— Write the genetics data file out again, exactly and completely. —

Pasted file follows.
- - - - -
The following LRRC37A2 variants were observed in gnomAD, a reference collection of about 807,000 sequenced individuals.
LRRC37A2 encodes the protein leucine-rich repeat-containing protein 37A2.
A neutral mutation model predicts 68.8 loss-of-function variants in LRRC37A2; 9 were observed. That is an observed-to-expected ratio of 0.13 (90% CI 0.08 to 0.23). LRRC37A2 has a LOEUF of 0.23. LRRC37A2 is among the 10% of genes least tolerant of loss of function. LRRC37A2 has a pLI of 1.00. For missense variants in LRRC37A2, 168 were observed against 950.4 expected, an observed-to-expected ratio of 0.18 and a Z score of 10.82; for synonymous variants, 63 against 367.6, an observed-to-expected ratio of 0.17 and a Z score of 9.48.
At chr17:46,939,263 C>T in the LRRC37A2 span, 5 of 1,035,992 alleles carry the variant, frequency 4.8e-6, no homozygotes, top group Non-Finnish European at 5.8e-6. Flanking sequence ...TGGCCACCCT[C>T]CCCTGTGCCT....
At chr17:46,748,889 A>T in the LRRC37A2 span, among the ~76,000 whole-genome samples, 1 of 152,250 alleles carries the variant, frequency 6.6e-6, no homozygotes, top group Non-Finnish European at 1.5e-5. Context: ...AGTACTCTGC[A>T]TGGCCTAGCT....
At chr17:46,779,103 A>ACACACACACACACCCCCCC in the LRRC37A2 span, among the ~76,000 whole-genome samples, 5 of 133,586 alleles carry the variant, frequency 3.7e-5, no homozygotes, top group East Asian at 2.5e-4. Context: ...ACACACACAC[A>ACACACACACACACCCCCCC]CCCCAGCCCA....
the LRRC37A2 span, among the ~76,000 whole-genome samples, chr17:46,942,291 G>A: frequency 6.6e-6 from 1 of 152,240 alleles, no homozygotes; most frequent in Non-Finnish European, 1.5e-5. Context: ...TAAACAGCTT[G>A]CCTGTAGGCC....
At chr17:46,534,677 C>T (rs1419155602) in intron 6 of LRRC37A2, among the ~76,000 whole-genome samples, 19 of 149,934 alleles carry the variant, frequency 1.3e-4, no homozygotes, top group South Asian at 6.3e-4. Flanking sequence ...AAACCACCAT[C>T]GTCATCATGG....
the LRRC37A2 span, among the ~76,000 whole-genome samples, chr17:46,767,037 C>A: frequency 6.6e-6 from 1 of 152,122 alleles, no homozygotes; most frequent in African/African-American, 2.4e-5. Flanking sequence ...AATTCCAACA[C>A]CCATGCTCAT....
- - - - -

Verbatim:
The following LRRC37A2 variants were observed in gnomAD, a reference collection of about 807,000 sequenced individuals.
LRRC37A2 encodes the protein leucine-rich repeat-containing protein 37A2.
A neutral mutation model predicts 68.8 loss-of-function variants in LRRC37A2; 9 were observed. That is an observed-to-expected ratio of 0.13 (90% CI 0.08 to 0.23). LRRC37A2 has a LOEUF of 0.23. LRRC37A2 is among the 10% of genes least tolerant of loss of function. LRRC37A2 has a pLI of 1.00. For missense variants in LRRC37A2, 168 were observed against 950.4 expected, an observed-to-expected ratio of 0.18 and a Z score of 10.82; for synonymous variants, 63 against 367.6, an observed-to-expected ratio of 0.17 and a Z score of 9.48.
At chr17:46,939,263 C>T in the LRRC37A2 span, 5 of 1,035,992 alleles carry the variant, frequency 4.8e-6, no homozygotes, top group Non-Finnish European at 5.8e-6. Flanking sequence ...TGGCCACCCT[C>T]CCCTGTGCCT....
At chr17:46,748,889 A>T in the LRRC37A2 span, among the ~76,000 whole-genome samples, 1 of 152,250 alleles carries the variant, frequency 6.6e-6, no homozygotes, top group Non-Finnish European at 1.5e-5. Context: ...AGTACTCTGC[A>T]TGGCCTAGCT....
At chr17:46,779,103 A>ACACACACACACACCCCCCC in the LRRC37A2 span, among the ~76,000 whole-genome samples, 5 of 133,586 alleles carry the variant, frequency 3.7e-5, no homozygotes, top group East Asian at 2.5e-4. Context: ...ACACACACAC[A>ACACACACACACACCCCCCC]CCCCAGCCCA....
the LRRC37A2 span, among the ~76,000 whole-genome samples, chr17:46,942,291 G>A: frequency 6.6e-6 from 1 of 152,240 alleles, no homozygotes; most frequent in Non-Finnish European, 1.5e-5. Context: ...TAAACAGCTT[G>A]CCTGTAGGCC....
At chr17:46,534,677 C>T (rs1419155602) in intron 6 of LRRC37A2, among the ~76,000 whole-genome samples, 19 of 149,934 alleles carry the variant, frequency 1.3e-4, no homozygotes, top group South Asian at 6.3e-4. Flanking sequence ...AAACCACCAT[C>T]GTCATCATGG....
the LRRC37A2 span, among the ~76,000 whole-genome samples, chr17:46,767,037 C>A: frequency 6.6e-6 from 1 of 152,122 alleles, no homozygotes; most frequent in African/African-American, 2.4e-5. Flanking sequence ...AATTCCAACA[C>A]CCATGCTCAT....